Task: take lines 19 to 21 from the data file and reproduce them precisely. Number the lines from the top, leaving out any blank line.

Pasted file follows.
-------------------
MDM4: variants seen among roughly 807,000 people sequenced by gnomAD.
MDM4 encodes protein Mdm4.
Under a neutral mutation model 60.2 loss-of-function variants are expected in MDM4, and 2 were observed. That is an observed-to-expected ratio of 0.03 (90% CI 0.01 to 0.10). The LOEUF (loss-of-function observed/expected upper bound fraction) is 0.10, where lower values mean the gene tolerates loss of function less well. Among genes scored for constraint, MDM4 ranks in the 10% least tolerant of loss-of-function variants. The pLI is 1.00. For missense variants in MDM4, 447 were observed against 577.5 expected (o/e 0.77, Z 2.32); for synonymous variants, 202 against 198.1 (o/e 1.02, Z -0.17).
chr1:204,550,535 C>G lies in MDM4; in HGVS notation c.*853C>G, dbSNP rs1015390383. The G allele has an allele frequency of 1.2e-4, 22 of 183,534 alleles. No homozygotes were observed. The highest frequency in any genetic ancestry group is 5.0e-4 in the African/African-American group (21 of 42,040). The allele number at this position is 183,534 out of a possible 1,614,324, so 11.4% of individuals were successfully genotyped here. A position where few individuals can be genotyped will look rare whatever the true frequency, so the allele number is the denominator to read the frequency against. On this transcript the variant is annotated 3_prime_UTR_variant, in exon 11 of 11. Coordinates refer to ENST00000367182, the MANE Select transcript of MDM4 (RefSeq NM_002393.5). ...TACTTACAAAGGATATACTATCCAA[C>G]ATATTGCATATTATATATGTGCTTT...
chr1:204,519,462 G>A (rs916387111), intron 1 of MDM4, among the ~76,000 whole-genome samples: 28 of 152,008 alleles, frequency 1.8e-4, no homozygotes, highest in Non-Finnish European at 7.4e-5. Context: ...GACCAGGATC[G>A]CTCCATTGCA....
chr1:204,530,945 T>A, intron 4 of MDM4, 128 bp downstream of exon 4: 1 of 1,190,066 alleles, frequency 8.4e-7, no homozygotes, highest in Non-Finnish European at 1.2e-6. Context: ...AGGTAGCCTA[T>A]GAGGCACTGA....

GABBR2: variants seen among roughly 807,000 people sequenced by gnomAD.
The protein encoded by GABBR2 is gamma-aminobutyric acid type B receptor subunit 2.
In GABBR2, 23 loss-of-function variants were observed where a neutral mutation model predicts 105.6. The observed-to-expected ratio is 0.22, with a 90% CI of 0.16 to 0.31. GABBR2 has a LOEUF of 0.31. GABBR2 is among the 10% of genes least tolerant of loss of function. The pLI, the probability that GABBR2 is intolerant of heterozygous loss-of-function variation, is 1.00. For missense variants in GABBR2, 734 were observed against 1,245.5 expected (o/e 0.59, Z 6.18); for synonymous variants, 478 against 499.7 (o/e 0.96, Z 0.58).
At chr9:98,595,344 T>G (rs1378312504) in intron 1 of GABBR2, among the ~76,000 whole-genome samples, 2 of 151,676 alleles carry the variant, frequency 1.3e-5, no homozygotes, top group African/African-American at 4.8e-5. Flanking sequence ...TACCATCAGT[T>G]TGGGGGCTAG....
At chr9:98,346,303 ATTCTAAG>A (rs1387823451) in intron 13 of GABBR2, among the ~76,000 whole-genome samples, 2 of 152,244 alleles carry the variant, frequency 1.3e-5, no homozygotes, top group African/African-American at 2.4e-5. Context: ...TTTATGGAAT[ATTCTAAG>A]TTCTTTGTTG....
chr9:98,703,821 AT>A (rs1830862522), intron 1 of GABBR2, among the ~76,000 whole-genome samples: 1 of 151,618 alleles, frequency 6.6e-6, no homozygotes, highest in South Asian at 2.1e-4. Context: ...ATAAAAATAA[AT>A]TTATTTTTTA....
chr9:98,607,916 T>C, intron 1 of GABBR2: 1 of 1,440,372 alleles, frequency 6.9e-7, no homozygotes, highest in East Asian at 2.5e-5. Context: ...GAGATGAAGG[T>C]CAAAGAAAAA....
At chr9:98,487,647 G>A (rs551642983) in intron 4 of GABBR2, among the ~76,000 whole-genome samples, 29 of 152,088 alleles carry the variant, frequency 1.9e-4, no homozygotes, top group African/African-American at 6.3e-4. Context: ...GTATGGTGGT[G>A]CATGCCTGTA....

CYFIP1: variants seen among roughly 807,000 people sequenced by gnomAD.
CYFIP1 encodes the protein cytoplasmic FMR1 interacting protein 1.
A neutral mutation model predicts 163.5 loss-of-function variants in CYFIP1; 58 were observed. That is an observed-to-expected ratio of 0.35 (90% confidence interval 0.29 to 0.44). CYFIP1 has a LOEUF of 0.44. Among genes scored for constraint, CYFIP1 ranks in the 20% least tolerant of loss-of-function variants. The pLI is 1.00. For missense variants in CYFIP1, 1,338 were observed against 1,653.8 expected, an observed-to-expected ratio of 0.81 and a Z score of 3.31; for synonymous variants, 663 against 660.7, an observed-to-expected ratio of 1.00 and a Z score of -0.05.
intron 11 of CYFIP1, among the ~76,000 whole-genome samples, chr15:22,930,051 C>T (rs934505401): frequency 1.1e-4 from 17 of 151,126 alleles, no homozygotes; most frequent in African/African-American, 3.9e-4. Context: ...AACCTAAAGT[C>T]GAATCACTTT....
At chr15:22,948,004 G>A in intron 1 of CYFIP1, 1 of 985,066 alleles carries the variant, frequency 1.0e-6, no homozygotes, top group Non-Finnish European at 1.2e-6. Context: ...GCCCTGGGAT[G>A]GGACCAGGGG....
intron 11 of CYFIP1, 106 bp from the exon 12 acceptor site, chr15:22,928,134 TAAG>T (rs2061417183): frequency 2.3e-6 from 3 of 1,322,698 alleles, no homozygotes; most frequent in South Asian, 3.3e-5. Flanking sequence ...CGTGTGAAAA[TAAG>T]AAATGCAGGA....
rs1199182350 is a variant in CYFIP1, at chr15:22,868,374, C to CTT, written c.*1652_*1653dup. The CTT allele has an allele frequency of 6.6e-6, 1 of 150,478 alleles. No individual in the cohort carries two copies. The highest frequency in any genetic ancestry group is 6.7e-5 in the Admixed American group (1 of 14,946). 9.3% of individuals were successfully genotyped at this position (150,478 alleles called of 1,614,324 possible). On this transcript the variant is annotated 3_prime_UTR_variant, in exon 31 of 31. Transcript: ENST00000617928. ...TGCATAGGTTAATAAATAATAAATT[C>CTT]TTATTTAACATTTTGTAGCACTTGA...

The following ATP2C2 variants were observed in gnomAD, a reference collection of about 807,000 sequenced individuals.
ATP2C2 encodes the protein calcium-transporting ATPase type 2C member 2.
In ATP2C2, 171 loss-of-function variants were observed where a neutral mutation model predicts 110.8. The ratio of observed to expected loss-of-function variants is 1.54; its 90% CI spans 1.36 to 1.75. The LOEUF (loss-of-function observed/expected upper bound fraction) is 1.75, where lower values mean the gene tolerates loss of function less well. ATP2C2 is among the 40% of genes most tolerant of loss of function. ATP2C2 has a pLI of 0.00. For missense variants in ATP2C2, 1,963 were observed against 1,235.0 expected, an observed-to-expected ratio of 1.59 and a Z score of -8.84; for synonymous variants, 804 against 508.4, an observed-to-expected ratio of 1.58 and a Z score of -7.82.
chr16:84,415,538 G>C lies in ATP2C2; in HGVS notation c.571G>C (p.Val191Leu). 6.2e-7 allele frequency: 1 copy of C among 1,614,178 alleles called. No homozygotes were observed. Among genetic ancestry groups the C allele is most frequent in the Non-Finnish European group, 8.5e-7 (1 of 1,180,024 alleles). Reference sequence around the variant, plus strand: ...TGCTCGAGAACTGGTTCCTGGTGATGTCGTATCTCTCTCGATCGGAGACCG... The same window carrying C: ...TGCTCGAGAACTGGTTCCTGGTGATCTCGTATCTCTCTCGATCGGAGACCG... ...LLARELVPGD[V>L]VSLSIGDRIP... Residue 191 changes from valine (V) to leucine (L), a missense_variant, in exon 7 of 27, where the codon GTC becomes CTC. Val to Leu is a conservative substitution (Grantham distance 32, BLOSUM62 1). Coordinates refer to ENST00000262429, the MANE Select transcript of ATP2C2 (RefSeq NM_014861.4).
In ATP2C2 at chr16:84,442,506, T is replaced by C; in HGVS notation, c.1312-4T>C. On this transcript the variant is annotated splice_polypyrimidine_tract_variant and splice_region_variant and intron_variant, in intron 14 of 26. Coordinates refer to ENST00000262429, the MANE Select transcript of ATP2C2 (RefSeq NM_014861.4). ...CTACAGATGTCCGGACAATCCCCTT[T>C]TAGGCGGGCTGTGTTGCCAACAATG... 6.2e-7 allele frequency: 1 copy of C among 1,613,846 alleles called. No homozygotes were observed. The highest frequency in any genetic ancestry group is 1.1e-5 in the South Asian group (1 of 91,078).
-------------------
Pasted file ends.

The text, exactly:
At chr15:22,948,004 G>A in intron 1 of CYFIP1, 1 of 985,066 alleles carries the variant, frequency 1.0e-6, no homozygotes, top group Non-Finnish European at 1.2e-6. Context: ...GCCCTGGGAT[G>A]GGACCAGGGG....
intron 11 of CYFIP1, 106 bp from the exon 12 acceptor site, chr15:22,928,134 TAAG>T (rs2061417183): frequency 2.3e-6 from 3 of 1,322,698 alleles, no homozygotes; most frequent in South Asian, 3.3e-5. Flanking sequence ...CGTGTGAAAA[TAAG>T]AAATGCAGGA....
rs1199182350 is a variant in CYFIP1, at chr15:22,868,374, C to CTT, written c.*1652_*1653dup. The CTT allele has an allele frequency of 6.6e-6, 1 of 150,478 alleles. No individual in the cohort carries two copies. The highest frequency in any genetic ancestry group is 6.7e-5 in the Admixed American group (1 of 14,946). 9.3% of individuals were successfully genotyped at this position (150,478 alleles called of 1,614,324 possible). On this transcript the variant is annotated 3_prime_UTR_variant, in exon 31 of 31. Transcript: ENST00000617928. ...TGCATAGGTTAATAAATAATAAATT[C>CTT]TTATTTAACATTTTGTAGCACTTGA...